Tahitian Cultured Pearls, often called “Black Pearls” are found in the turquoise-colored lagoons of French Polynesia in the South Seas. A jewel of the sea and a living symbol of purity and perfection, Tahitian pearls have long had a reputation of exceptional value and rarity.
Tahitian Cultured Pearls are born from the black-lipped oyster, known scientifically as Pinctada margaritifera. These giant tropical mollusks can live for 30 years in the wild, can weigh up to 11 pounds and can grow to reach a foot in diameter. In the 19th century, free-diving Polynesians braved sharks, depths of up to 130 feet, and the bends to harvest the valuable mollusks. Although only one in 15,000 oysters produced a natural pearl, the inner shell was so popular with the Europeans button industry that the resource was eventually devastated.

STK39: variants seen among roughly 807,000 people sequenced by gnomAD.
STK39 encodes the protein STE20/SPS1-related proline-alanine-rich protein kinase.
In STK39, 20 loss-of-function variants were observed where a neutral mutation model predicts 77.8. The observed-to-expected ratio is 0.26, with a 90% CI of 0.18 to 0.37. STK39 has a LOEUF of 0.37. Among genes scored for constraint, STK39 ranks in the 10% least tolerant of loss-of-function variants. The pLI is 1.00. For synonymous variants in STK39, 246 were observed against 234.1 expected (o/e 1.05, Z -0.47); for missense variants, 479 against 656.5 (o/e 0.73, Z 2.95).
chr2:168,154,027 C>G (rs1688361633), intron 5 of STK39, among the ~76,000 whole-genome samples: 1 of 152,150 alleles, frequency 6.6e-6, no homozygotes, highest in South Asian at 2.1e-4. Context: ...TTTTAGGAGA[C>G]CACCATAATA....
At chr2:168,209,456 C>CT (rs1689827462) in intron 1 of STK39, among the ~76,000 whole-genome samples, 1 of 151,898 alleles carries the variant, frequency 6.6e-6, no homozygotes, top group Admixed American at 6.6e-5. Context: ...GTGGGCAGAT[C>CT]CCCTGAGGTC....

Today, a complex cultivation process has resurrected the pear industry in French Polynesia. The French Polynesian Government has strict regulations on pearl production which assures quality and value.
A: Pearl has very good luster, and exhibits one visible imperfection or a few slight imperfections at the most, distributed over less than 10% of the surface.
B: Pearl has a good to medium luster, and exhibits some slight imperfections visible to the naked eye, distributed over 30% of the surface.
C: Pearl has a medium luster, and exhibits several slight imperfections visible to the naked eye, distributed over 60% of the surface.
Dark Grey Color: Medium Dark to Dark Grey
Medium Grey Color: Medium to Medium Dark Grey
Fancy Color: Overtones of pink, blue, gold, green, silver and reddish purple
Tahitian Cultured Pearl Care
Pearl are not for everyday wear, and one should take care when wearing them. Avoid exposure to the heat and protect from scratches and harsh blows. Avoid contact with chemicals, especially perfumes, perspiration, and hair sprays. To clean, wipe gently with a moist cloth.